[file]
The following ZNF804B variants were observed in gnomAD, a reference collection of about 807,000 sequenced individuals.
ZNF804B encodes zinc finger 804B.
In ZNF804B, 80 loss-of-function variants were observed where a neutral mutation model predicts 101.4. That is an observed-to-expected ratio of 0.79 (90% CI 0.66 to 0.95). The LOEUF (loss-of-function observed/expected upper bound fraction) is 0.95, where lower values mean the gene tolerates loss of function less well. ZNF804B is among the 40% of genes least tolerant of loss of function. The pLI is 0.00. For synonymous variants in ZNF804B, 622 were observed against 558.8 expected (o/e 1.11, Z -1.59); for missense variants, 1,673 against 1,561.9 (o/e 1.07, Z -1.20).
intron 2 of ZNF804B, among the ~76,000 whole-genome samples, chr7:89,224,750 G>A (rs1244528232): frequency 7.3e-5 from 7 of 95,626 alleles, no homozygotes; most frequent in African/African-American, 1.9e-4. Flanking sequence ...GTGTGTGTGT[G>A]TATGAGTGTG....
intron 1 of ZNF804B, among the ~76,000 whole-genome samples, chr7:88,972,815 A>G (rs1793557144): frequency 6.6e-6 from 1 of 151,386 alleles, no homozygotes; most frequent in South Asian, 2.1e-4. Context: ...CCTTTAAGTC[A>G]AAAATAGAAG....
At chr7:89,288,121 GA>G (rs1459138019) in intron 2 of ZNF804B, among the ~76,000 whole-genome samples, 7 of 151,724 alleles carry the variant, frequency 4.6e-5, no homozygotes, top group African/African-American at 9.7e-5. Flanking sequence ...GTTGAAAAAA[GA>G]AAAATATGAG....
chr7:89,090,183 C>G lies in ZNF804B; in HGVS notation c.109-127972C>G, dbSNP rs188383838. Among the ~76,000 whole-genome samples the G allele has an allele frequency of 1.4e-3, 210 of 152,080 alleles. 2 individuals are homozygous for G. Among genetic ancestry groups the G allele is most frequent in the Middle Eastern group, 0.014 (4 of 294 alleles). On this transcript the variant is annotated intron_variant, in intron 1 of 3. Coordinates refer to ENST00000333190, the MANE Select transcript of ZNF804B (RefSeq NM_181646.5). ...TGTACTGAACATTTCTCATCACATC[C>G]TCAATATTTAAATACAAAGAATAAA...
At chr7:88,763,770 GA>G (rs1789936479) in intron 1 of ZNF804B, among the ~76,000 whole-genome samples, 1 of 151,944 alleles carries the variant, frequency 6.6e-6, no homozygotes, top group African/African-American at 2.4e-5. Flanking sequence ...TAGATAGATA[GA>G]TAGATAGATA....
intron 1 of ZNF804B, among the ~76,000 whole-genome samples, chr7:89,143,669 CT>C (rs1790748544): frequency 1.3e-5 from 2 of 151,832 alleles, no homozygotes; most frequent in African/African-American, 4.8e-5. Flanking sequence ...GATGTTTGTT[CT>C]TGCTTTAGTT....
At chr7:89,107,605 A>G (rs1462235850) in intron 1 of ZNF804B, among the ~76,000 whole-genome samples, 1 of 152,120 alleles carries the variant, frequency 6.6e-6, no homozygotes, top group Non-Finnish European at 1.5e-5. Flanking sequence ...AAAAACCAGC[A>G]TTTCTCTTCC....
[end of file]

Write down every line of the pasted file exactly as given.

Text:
The following ZNF804B variants were observed in gnomAD, a reference collection of about 807,000 sequenced individuals.
ZNF804B encodes zinc finger 804B.
In ZNF804B, 80 loss-of-function variants were observed where a neutral mutation model predicts 101.4. That is an observed-to-expected ratio of 0.79 (90% CI 0.66 to 0.95). The LOEUF (loss-of-function observed/expected upper bound fraction) is 0.95, where lower values mean the gene tolerates loss of function less well. ZNF804B is among the 40% of genes least tolerant of loss of function. The pLI is 0.00. For synonymous variants in ZNF804B, 622 were observed against 558.8 expected (o/e 1.11, Z -1.59); for missense variants, 1,673 against 1,561.9 (o/e 1.07, Z -1.20).
intron 2 of ZNF804B, among the ~76,000 whole-genome samples, chr7:89,224,750 G>A (rs1244528232): frequency 7.3e-5 from 7 of 95,626 alleles, no homozygotes; most frequent in African/African-American, 1.9e-4. Flanking sequence ...GTGTGTGTGT[G>A]TATGAGTGTG....
intron 1 of ZNF804B, among the ~76,000 whole-genome samples, chr7:88,972,815 A>G (rs1793557144): frequency 6.6e-6 from 1 of 151,386 alleles, no homozygotes; most frequent in South Asian, 2.1e-4. Context: ...CCTTTAAGTC[A>G]AAAATAGAAG....
At chr7:89,288,121 GA>G (rs1459138019) in intron 2 of ZNF804B, among the ~76,000 whole-genome samples, 7 of 151,724 alleles carry the variant, frequency 4.6e-5, no homozygotes, top group African/African-American at 9.7e-5. Flanking sequence ...GTTGAAAAAA[GA>G]AAAATATGAG....
chr7:89,090,183 C>G lies in ZNF804B; in HGVS notation c.109-127972C>G, dbSNP rs188383838. Among the ~76,000 whole-genome samples the G allele has an allele frequency of 1.4e-3, 210 of 152,080 alleles. 2 individuals are homozygous for G. Among genetic ancestry groups the G allele is most frequent in the Middle Eastern group, 0.014 (4 of 294 alleles). On this transcript the variant is annotated intron_variant, in intron 1 of 3. Coordinates refer to ENST00000333190, the MANE Select transcript of ZNF804B (RefSeq NM_181646.5). ...TGTACTGAACATTTCTCATCACATC[C>G]TCAATATTTAAATACAAAGAATAAA...
At chr7:88,763,770 GA>G (rs1789936479) in intron 1 of ZNF804B, among the ~76,000 whole-genome samples, 1 of 151,944 alleles carries the variant, frequency 6.6e-6, no homozygotes, top group African/African-American at 2.4e-5. Flanking sequence ...TAGATAGATA[GA>G]TAGATAGATA....
intron 1 of ZNF804B, among the ~76,000 whole-genome samples, chr7:89,143,669 CT>C (rs1790748544): frequency 1.3e-5 from 2 of 151,832 alleles, no homozygotes; most frequent in African/African-American, 4.8e-5. Flanking sequence ...GATGTTTGTT[CT>C]TGCTTTAGTT....
At chr7:89,107,605 A>G (rs1462235850) in intron 1 of ZNF804B, among the ~76,000 whole-genome samples, 1 of 152,120 alleles carries the variant, frequency 6.6e-6, no homozygotes, top group Non-Finnish European at 1.5e-5. Flanking sequence ...AAAAACCAGC[A>G]TTTCTCTTCC....